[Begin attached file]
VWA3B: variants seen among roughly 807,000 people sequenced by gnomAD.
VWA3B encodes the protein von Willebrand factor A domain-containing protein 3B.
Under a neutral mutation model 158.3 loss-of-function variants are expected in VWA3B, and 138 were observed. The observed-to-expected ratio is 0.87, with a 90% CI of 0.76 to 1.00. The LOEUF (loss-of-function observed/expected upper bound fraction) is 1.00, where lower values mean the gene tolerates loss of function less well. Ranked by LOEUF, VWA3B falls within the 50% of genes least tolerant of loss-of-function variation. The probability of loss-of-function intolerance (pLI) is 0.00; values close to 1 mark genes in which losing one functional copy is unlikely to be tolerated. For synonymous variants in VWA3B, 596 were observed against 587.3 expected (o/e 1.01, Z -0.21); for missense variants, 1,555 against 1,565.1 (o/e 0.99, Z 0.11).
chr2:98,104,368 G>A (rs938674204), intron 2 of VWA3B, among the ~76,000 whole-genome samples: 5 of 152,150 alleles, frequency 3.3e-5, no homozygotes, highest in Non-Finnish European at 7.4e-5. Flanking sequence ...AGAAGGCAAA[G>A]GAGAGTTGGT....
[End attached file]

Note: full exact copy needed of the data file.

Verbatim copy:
VWA3B: variants seen among roughly 807,000 people sequenced by gnomAD.
VWA3B encodes the protein von Willebrand factor A domain-containing protein 3B.
Under a neutral mutation model 158.3 loss-of-function variants are expected in VWA3B, and 138 were observed. The observed-to-expected ratio is 0.87, with a 90% CI of 0.76 to 1.00. The LOEUF (loss-of-function observed/expected upper bound fraction) is 1.00, where lower values mean the gene tolerates loss of function less well. Ranked by LOEUF, VWA3B falls within the 50% of genes least tolerant of loss-of-function variation. The probability of loss-of-function intolerance (pLI) is 0.00; values close to 1 mark genes in which losing one functional copy is unlikely to be tolerated. For synonymous variants in VWA3B, 596 were observed against 587.3 expected (o/e 1.01, Z -0.21); for missense variants, 1,555 against 1,565.1 (o/e 0.99, Z 0.11).
chr2:98,104,368 G>A (rs938674204), intron 2 of VWA3B, among the ~76,000 whole-genome samples: 5 of 152,150 alleles, frequency 3.3e-5, no homozygotes, highest in Non-Finnish European at 7.4e-5. Flanking sequence ...AGAAGGCAAA[G>A]GAGAGTTGGT....